The French used their base in Vietnam to expand north into Guangxi, Guangdong, and Yunnan. A treaty signed in 1874 to address the conflict was a mixed success: France interpreted it as confirming its control over Vietnam, while the Qing refused to implement the treaty. Tensions persisted for a decade, escalating into a short war that came to an end in the spring of 1884 with the Tientsin Accord.

But this treaty didn’t solve things either. Chiefly, the treaty called for Qing troops to withdraw from Tonkin, but did not specify a date for accomplishing this. Amid the uncertainty, French troops attempted to occupy territory that they expected the Qing to relinquish. Instead, the two sides clashed in battles (French sources say ambushes) along the Qing-Tonkin border.

The Qing court was divided on the question of escalation with France. Commanders in favor of a full-scale war chose not to inform Chinese troops in Vietnam to withdraw, hoping to provoke an aggressive French response and, in their calculation, reignite the conflict.

Taking the bait, many French officials favored wide coastal actions that would demonstrate French military superiority. The centerpiece of this plan was an attack on the Fuzhou arsenal and shipyards — one of China’s most important and modern military installations — and the Qing fleet anchored there. This assault would both send a message and also inhibit China’s ability to contest French operations on the southern coast. Others advocated for more limited attacks that would compel the Qing to comply with (the French interpretation of) the Tientsin Accord, but stop short of war.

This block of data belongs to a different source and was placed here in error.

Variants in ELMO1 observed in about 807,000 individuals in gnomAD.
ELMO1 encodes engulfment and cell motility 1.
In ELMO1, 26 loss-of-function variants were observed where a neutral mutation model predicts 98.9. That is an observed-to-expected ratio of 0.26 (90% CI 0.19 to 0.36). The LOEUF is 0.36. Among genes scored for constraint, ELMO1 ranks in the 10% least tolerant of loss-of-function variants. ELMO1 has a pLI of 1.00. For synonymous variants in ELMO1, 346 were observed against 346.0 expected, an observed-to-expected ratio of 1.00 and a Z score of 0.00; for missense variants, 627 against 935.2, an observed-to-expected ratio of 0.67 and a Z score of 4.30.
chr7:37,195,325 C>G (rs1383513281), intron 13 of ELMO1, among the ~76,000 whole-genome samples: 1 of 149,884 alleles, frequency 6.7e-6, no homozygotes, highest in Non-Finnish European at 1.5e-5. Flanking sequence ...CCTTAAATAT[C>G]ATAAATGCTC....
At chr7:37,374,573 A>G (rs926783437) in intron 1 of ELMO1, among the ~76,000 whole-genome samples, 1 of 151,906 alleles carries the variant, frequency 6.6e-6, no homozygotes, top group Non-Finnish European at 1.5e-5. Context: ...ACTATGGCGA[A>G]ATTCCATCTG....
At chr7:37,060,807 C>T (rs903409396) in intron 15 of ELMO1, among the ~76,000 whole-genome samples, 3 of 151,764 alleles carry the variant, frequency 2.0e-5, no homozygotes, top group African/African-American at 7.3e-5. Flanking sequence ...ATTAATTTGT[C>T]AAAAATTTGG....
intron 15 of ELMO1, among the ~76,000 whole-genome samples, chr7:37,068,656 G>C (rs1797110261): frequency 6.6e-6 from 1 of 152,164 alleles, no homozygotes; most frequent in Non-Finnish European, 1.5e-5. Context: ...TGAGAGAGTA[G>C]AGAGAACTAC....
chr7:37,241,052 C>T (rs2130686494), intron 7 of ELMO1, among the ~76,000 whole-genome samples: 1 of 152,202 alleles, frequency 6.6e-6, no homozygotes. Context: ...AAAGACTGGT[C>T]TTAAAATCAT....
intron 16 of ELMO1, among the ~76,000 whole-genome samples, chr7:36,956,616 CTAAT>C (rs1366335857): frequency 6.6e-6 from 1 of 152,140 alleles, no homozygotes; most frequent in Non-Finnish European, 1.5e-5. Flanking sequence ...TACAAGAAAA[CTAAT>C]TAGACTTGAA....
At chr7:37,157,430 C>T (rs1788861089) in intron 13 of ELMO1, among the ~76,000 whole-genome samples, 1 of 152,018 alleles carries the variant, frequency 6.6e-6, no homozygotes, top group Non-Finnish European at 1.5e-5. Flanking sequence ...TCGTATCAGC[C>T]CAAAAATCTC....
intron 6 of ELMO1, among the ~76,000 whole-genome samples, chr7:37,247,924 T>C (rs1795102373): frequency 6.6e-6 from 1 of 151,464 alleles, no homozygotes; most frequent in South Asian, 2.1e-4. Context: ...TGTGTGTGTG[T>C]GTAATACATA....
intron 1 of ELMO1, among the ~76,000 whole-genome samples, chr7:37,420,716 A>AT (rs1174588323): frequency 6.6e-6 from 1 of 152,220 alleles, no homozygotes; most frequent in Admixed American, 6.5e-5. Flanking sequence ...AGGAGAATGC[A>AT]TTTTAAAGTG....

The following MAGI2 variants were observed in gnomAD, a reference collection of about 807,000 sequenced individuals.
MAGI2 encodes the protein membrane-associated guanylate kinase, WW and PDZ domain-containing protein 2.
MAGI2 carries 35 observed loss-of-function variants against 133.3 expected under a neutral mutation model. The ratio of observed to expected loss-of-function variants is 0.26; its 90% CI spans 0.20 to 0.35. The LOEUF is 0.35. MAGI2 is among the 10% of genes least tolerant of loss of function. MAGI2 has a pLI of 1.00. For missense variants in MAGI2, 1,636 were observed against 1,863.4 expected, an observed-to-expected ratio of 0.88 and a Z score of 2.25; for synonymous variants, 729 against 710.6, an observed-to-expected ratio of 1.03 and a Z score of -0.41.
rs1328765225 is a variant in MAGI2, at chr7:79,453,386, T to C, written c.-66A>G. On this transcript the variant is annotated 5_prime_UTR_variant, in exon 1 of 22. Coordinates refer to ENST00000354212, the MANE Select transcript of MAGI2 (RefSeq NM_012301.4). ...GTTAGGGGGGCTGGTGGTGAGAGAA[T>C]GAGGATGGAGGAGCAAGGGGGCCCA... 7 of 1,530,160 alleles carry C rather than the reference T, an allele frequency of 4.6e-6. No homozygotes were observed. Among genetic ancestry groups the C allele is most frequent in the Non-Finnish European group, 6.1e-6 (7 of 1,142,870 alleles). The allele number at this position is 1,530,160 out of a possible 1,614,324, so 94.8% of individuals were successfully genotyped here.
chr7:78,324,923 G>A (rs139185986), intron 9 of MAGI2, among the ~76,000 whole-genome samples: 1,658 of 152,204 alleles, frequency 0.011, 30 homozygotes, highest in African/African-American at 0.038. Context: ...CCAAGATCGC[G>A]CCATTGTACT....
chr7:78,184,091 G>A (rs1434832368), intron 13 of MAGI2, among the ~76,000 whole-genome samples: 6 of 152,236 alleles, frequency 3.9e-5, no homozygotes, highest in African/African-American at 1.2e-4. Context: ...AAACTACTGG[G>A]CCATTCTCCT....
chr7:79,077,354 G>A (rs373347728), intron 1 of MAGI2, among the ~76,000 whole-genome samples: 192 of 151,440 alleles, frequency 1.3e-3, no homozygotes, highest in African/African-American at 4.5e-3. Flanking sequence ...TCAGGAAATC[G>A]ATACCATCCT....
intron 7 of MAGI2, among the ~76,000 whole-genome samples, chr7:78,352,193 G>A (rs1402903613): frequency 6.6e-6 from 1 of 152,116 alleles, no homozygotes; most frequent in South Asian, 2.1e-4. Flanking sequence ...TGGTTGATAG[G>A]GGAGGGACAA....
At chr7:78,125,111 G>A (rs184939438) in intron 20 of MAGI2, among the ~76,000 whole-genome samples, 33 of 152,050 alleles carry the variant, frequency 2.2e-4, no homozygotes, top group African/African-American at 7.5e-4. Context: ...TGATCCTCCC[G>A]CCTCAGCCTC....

An attack on Jilong — then more familiarly romanized as Keelung — was proposed as a compromise. Jilong could be a bargaining chip in any potential negotiations with the Qing government, but it was not as important as Fuzhou, which would leave the Chinese side little choice but to mobilize for war. As early as February 1884, French Admiral Amédée Courbet had worked out a plan to seize Jilong, concluding that the port could be easily taken and held.

By the time the plan was implemented, however, Qing officials had gotten wind of French intentions and fortified the port. Instead of the 500 soldiers that had been stationed there in winter, there were 10 times that number when the French attack came in early August. After an initial bombardment on August 5, a French landing party went ashore, but it was quickly repulsed by a much larger Qing army and forced, under fire, to re-embark.